At the same scripted event in which White House aides handed out white coats to create a propaganda moment, Barack Obama recently said:
“We have now been debating this issue of health insurance reform for months,” Obama said. “We have listened to every charge and every counter-charge — from the crazy claims about death panels to misleading warnings about a government takeover of our health care system.”
Death panels. Crazy, right? Nothing like that could ever happen here.
Unless it occurs to you to stop and THINK, and ask yourself why you would think that corrupt House Ways and Means Chairman Rep. Charlie Rangel – or the Democrats who refuse to hold him accountable for his crimes – would be so much better than British liberals.
Provide your case that they are only evil over there in Britain, but our big government liberals here are ontologically good, and simply incapable of creating a system that would grow and degenerate until it tries to starve human beings to death.
There are all kinds of things going on in the United Kingdom and in Continental Europe that will very quickly be going on here, too, because too many of us just shut our minds off to the banality of evil that we have already seen time and time again.
And it’s already going on here. Right now. Under the very sort of medical system that Barack Obama wants to impose across the nation.
Take the story of Barbara Wagner, who was condemned to die by her state government medical system. They denied her the drugs she needed to save her life, but agreed to pay for her to be euthanized. Some faceless liberal bureaucrats “who accepted the premises of their state and therefore participated with the view that their actions were normal” decided that Barbara Wagner’s life was not worth saving, but only worth taking.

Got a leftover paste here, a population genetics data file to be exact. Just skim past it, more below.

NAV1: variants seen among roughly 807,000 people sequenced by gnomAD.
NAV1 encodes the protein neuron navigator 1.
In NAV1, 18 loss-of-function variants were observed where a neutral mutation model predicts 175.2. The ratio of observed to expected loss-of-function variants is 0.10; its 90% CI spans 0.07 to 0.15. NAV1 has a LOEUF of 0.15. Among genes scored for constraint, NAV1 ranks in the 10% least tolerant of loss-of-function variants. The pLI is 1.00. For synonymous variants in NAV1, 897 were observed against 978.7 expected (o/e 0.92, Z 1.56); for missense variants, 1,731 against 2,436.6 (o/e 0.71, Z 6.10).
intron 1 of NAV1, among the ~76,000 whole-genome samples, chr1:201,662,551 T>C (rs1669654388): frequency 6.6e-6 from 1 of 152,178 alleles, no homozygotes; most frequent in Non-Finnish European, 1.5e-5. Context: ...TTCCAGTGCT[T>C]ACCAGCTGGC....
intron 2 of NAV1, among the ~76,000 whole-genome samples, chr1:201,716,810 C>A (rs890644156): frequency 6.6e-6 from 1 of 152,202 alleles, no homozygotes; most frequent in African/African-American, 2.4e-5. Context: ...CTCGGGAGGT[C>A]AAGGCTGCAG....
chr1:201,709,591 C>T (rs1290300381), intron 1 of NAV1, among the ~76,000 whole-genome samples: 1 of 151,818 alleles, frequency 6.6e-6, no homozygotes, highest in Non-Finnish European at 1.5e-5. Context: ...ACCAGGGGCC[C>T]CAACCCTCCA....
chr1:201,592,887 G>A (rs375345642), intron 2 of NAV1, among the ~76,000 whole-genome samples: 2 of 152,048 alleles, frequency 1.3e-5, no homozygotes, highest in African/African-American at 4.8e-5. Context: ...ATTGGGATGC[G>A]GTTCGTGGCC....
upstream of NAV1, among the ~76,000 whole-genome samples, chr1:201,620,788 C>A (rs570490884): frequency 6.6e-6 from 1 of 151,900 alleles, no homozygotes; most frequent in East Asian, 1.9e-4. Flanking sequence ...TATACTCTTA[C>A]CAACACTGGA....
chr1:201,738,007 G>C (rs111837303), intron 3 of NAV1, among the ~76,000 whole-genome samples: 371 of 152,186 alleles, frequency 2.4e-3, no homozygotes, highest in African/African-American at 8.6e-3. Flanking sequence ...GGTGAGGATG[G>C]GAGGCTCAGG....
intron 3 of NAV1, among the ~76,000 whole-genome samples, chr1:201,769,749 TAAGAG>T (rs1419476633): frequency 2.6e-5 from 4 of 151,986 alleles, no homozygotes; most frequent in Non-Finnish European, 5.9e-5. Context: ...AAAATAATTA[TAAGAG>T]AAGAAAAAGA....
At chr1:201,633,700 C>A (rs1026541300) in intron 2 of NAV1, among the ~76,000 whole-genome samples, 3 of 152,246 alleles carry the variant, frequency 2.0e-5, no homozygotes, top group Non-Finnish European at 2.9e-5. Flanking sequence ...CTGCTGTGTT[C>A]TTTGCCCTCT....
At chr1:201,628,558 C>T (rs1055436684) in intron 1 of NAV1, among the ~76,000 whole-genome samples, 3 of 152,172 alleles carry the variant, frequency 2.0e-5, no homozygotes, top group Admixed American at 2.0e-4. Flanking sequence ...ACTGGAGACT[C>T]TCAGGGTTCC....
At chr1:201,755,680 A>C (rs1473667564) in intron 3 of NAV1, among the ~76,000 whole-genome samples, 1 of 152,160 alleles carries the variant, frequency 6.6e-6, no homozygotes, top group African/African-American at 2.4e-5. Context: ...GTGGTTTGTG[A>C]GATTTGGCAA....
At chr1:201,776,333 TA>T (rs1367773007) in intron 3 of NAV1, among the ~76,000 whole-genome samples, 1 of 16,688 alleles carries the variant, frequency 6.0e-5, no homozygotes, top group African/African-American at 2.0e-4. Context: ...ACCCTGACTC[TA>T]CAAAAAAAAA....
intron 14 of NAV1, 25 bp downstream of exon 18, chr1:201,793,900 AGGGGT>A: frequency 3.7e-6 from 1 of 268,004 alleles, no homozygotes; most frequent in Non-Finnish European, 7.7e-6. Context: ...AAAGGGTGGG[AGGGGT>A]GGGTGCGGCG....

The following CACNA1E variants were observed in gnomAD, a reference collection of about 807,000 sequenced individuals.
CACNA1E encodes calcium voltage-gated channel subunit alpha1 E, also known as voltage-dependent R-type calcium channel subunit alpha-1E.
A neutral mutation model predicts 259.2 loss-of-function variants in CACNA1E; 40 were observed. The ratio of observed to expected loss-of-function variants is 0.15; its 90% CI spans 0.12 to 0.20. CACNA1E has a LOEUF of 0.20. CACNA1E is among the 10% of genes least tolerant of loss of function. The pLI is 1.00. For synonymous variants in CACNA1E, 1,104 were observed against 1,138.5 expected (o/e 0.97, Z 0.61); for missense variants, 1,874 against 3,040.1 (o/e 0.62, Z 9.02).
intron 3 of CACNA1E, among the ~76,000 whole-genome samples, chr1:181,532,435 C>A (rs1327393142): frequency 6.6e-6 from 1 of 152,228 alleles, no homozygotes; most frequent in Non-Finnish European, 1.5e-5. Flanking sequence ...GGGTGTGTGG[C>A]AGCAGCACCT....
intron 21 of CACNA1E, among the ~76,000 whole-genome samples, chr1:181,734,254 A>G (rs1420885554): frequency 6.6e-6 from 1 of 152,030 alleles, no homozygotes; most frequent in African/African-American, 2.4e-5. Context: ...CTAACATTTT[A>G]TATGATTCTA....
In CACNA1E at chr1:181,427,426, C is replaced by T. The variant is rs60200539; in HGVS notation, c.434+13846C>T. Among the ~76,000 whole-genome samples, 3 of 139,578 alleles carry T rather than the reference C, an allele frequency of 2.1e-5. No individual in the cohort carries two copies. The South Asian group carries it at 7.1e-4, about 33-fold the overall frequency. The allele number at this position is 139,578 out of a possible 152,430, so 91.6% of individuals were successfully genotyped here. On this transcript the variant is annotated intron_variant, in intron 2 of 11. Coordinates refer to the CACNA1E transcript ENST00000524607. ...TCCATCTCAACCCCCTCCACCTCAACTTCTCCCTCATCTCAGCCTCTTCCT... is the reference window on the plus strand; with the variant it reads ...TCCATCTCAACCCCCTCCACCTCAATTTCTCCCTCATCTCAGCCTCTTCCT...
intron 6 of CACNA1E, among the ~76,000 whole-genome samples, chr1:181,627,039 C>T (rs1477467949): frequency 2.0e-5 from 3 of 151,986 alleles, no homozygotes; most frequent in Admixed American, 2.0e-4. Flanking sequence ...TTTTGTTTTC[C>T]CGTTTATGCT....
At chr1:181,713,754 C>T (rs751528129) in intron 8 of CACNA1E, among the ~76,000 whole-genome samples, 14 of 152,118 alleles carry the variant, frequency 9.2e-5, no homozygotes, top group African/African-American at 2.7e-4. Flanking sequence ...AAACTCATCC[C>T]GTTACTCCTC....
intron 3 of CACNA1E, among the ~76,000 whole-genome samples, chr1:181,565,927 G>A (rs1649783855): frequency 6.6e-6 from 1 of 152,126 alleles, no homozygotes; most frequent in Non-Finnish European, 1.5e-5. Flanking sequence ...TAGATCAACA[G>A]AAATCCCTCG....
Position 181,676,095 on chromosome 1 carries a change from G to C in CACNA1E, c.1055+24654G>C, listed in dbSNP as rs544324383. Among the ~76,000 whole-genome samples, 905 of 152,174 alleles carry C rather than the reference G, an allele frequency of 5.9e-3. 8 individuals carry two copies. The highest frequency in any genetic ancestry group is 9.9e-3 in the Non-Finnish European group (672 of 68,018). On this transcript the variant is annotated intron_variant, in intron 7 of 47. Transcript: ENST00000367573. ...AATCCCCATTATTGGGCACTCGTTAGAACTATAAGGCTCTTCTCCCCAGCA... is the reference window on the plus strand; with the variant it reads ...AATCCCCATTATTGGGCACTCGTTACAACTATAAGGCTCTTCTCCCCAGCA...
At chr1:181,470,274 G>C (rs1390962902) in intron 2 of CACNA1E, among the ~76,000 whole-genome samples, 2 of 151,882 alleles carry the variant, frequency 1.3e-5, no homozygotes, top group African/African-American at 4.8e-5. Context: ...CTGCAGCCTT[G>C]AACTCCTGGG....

The banality of evil. Coming soon to a hospital or a doctor’s office near you.
And right now, Democrats are trying to expand the banality of evil.
The Wall Street Journal exposed that ObamaCare will cut essential cardiology and oncology care in order to lower the cost of the health system:
In President Obama’s Washington, medical specialists are slightly more popular than the H1N1 virus. Compared to bread-and-butter primary care doctors, specialists cost more to train and make more use of expensive procedures and technology—and therefore cost the government more money. Even so, the quiet war Democrats are waging on specialists is astonishing.
From Senate Finance Chairman Max Baucus’s health-care bill to changes the Administration is pushing in Medicare, Democrats are systematically attacking specific medical fields like cardiology and oncology. With almost no scrutiny, they’re trying to engineer a “cheaper” system so that government can afford to buy health care for all—even if the price is fewer and less innovative ways of extending and improving lives.
And the results of such measures and others will be a holocaust of the elderly. With all measures undertaken in the spirit of bureaucratic efficiency:
The Congressional majority wants to pay for its $1 trillion to $1.6 trillion health bills with new taxes and a $500 billion cut to Medicare. This cut will come just as baby boomers turn 65 and increase Medicare enrollment by 30%. Less money and more patients will necessitate rationing. The Congressional Budget Office estimates that only 1% of Medicare cuts will come from eliminating fraud, waste and abuse.
The assault against seniors began with the stimulus package in February. Slipped into the bill was substantial funding for comparative effectiveness research, which is generally code for limiting care based on the patient’s age. Economists are familiar with the formula, where the cost of a treatment is divided by the number of years (called QALYs, or quality-adjusted life years) that the patient is likely to benefit. In Britain, the formula leads to denying treatments for older patients who have fewer years to benefit from care than younger patients.
It is also highly relevant that Medicare denies treatment at a rate of more than double any private insurer’s average right now. Is government care the thing you should most trust, or the thing you should most fear?
When Barack Obama mocks “the crazy claims about death panels,” it is ultimately up to you have to ask yourself just how much you implicitly trust the government to take care of you even when it is in the bureaucrats’ economic interests to allow you to die. And it is up to you to decide if history is incapable of repeating itself.
Tags: artificial feeding, banality of evil, Barbara Wagner, Britian, bureaucrats, cancer patients, cardiology, claims, death panels, denies, die prematurely, drugs, elderly, Hazel Fenton, health care, Medicare, NHS, oncology, seniors, specialists, UK, United Kingdom